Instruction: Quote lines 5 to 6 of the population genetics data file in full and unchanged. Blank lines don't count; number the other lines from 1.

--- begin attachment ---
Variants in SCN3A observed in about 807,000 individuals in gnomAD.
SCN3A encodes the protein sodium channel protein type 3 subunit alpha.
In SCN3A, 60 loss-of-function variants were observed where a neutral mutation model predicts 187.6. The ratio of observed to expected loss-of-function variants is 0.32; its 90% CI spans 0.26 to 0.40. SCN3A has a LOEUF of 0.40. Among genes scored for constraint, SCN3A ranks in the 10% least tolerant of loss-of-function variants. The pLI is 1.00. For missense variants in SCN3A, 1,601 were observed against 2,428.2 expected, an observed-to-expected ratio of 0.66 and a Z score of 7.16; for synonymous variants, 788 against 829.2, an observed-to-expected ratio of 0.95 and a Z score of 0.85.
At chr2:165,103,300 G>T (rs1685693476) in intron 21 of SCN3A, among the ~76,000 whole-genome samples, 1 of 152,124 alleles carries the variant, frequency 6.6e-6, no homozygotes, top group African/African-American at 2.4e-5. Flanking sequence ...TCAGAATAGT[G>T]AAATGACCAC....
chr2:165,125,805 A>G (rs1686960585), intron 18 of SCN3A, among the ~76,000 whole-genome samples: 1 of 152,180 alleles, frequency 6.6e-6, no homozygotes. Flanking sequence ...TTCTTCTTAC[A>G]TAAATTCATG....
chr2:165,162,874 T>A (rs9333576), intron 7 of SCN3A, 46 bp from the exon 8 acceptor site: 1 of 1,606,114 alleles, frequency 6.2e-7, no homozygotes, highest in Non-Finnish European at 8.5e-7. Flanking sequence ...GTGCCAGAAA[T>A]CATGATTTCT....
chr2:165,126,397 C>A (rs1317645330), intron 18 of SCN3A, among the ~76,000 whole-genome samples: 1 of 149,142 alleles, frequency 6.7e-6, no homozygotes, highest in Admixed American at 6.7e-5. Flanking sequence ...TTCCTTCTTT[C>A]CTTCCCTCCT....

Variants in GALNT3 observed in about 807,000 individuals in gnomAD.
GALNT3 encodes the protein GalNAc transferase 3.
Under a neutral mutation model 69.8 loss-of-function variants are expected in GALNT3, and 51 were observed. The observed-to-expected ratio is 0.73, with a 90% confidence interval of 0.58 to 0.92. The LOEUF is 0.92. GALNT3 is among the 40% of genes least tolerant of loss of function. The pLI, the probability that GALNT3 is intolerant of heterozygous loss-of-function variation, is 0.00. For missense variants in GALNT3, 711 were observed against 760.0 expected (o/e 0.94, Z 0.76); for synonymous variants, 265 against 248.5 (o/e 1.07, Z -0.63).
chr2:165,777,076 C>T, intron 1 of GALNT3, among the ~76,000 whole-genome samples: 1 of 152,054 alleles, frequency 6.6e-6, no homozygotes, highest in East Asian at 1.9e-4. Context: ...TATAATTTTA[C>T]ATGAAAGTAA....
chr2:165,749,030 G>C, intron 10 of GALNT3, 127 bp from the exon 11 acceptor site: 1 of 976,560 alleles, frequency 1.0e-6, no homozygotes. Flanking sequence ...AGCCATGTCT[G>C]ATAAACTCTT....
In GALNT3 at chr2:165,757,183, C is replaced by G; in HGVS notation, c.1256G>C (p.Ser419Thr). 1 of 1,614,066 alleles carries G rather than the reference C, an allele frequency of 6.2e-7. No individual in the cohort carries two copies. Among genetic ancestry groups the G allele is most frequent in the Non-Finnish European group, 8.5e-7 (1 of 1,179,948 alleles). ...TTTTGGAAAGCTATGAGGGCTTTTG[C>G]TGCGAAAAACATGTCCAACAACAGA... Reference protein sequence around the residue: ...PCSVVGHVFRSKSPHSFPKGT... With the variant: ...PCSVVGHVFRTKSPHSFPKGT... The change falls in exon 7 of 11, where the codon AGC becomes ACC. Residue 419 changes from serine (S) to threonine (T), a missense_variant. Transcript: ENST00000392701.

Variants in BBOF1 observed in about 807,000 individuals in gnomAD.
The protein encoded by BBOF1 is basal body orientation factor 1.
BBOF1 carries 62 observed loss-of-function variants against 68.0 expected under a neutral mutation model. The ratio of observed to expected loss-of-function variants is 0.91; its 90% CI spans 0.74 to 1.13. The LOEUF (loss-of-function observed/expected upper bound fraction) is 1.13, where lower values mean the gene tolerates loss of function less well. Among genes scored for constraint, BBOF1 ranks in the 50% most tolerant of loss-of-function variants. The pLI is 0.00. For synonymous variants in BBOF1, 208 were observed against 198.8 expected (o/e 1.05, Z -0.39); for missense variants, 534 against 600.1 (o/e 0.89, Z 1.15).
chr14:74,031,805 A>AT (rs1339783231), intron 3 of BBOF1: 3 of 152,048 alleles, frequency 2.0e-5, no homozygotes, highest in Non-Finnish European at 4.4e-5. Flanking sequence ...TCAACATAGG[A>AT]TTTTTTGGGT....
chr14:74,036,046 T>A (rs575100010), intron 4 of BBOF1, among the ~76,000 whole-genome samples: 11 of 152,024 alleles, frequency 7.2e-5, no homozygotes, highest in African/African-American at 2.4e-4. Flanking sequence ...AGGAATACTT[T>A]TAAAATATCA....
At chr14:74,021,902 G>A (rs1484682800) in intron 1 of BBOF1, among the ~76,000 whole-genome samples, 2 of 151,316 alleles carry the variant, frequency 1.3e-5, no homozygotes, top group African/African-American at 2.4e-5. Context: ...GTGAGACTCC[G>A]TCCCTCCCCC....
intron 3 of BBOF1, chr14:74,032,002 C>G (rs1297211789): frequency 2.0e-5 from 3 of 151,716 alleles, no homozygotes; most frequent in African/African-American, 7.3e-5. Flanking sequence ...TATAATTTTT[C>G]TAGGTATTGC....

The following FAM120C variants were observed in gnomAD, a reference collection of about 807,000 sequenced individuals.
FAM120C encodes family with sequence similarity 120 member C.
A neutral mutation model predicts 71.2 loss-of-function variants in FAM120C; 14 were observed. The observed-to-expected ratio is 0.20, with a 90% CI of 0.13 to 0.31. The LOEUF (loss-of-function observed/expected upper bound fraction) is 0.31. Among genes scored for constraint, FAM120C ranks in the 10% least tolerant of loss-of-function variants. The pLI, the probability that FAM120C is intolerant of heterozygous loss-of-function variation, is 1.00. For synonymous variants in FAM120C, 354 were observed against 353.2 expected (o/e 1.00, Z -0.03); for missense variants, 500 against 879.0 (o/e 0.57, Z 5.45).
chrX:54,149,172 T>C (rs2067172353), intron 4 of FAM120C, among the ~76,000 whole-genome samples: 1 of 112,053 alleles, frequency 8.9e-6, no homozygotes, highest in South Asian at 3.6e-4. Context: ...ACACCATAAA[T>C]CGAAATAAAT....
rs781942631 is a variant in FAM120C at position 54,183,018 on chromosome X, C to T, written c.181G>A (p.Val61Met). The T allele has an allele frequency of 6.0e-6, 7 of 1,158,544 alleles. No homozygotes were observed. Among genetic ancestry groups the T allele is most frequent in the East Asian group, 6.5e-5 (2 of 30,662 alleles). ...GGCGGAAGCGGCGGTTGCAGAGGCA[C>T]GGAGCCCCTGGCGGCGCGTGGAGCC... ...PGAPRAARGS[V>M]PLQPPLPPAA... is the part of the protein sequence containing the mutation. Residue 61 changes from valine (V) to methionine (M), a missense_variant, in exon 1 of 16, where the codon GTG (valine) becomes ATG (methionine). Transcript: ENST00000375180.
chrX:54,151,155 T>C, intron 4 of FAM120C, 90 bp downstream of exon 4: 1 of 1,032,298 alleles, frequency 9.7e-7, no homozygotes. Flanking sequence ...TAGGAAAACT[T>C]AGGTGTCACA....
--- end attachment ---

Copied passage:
chr2:165,125,805 A>G (rs1686960585), intron 18 of SCN3A, among the ~76,000 whole-genome samples: 1 of 152,180 alleles, frequency 6.6e-6, no homozygotes. Flanking sequence ...TTCTTCTTAC[A>G]TAAATTCATG....
chr2:165,162,874 T>A (rs9333576), intron 7 of SCN3A, 46 bp from the exon 8 acceptor site: 1 of 1,606,114 alleles, frequency 6.2e-7, no homozygotes, highest in Non-Finnish European at 8.5e-7. Flanking sequence ...GTGCCAGAAA[T>A]CATGATTTCT....